The number keys are located at the top of the keyboard. If you need a punctuation mark or a symbol that is not shown, press the Symbol key on the bottom row of the keyboard. You will see a menu of punctuation marks and symbols.
KINDLE USER’S GUIDE 3rd EDITION · 27 ·
Use the 5-way controller to choose the character you want and it will appear in your text entry box.
1.4 Status Indicators
At the top of every screen, you also see Whispernet and battery life status indicators to keep you in the know.
WHISPERNET STATUS INDICATORS
The Whispernet status indicator shows you whether the wireless radio is turned on or off, the signal strength of your Whispernet service, and the connection speed. Here are the possible indicators and their meanings.
The Whispernet service is active and your Kindle has a strong signal. The more bars that are filled in with black, the stronger the wireless signal.
None of the bars are filled in. This means the wireless signal strength is too low to connect. You will not be able to connect to the Kindle Store, Basic Web, register your device, retrieve content from Archived Items, or receive your subscriptions.
The bars are outlined in grey. This means Whispernet is checking for signal strength. This usually lasts less than 30 seconds.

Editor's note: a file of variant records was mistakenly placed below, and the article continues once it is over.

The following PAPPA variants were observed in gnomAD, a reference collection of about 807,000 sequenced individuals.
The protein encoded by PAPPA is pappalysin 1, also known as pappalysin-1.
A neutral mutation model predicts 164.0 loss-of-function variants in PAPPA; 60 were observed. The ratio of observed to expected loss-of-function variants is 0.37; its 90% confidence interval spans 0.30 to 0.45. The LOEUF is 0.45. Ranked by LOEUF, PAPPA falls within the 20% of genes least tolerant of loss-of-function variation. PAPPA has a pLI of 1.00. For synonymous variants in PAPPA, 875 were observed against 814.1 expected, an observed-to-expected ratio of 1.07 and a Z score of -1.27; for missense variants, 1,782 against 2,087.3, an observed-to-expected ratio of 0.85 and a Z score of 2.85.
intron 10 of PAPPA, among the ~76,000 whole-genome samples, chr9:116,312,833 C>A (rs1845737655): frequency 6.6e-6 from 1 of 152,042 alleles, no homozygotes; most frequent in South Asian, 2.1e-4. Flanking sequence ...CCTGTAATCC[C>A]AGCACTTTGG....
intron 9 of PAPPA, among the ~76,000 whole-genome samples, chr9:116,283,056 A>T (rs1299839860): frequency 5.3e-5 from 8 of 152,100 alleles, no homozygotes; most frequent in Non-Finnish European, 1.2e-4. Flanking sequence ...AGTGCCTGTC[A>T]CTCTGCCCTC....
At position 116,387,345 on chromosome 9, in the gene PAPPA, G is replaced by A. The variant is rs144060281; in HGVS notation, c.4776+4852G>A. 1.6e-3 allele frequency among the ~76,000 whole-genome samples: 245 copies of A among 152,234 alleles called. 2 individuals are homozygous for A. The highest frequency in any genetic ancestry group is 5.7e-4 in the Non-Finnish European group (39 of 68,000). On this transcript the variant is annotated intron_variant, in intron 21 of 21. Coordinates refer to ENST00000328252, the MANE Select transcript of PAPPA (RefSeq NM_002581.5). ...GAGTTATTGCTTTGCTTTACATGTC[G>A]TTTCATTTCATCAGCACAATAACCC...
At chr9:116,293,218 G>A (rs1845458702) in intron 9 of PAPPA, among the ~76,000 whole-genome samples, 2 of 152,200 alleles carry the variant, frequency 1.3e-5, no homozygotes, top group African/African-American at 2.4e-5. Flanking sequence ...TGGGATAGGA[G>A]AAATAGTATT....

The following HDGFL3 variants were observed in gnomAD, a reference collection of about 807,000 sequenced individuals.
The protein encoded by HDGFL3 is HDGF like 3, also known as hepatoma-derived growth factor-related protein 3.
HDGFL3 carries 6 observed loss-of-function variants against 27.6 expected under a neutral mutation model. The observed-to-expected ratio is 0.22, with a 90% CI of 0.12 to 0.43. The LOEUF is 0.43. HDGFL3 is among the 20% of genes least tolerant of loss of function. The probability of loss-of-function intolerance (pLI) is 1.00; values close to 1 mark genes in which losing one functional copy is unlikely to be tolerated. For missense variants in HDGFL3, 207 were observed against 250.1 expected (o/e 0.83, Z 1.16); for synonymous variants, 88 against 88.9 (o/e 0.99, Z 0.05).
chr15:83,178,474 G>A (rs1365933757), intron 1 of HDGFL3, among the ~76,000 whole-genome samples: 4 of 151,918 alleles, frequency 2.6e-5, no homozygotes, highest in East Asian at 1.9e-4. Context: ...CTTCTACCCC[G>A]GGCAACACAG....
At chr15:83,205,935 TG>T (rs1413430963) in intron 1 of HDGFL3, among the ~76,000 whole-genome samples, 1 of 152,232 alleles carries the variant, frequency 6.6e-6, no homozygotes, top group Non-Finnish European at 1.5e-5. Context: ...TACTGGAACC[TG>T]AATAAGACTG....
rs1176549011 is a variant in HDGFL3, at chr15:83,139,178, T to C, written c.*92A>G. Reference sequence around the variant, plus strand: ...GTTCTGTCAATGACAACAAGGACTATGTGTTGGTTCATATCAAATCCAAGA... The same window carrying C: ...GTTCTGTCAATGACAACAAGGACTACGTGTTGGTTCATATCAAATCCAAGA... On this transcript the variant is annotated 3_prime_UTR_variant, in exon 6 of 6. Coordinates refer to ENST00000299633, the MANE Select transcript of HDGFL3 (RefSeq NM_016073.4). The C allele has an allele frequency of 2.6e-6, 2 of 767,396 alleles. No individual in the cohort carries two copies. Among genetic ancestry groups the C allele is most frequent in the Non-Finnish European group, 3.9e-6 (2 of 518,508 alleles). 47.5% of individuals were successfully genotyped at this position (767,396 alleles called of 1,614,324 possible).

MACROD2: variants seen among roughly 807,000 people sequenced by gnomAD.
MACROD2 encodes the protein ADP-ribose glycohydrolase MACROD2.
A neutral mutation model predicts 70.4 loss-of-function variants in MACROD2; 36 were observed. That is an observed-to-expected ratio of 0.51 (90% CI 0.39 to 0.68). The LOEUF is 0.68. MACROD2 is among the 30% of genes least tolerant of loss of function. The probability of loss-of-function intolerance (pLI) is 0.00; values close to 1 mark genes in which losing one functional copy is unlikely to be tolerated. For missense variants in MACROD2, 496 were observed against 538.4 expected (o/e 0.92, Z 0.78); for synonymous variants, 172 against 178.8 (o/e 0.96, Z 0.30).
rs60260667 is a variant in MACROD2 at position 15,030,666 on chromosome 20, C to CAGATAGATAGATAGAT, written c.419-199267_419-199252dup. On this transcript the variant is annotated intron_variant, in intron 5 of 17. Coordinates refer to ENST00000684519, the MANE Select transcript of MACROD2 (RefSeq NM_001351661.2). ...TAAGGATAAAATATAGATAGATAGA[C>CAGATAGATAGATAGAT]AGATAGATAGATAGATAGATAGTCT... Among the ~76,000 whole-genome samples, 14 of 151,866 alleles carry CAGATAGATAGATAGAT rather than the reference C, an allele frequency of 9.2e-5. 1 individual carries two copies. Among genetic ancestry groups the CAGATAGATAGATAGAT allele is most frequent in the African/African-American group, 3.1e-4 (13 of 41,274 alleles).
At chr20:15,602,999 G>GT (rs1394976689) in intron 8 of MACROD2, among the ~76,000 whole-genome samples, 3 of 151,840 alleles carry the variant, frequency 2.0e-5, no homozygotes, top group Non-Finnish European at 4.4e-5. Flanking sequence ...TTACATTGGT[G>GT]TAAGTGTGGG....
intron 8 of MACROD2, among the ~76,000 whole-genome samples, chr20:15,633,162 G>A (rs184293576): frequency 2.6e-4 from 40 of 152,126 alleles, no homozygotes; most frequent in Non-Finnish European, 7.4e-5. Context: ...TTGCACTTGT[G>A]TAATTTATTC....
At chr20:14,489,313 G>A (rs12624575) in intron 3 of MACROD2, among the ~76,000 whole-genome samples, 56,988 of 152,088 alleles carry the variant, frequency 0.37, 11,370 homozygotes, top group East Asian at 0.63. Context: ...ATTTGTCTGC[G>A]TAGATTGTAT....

The Whispernet service is turned off. You can turn on the wireless by pressing the Menu button, and using the 5-way controller to navigate to “Turn Wireless On.”
When you activate a menu, a 1X or 3G icon appears to the left side of the signal bars that indicates the speed of your Whispernet service. The 1X icon indicates that your Kindle is connected to the 1XRTT wireless network, which is slower than the 3G Whispernet service. Kindle will automatically switch back to the faster 3G EVDO network when available.
KINDLE USER’S GUIDE 3rd EDITION · 29 ·
BATTERY STATUS INDICATORS
You have your Kindle plugged into power and the battery is charging. The charge indicator light on the bottom of your Kindle also lights up. Note that if your Kindle is plugged into a low powered USB port such as those found on some keyboards or older computers, you will only derive enough charge to avoid depleting the battery but not enough to recharge it.
These images show the various states of the battery as it discharges. As you deplete the battery, less of the battery indicator will be filled in.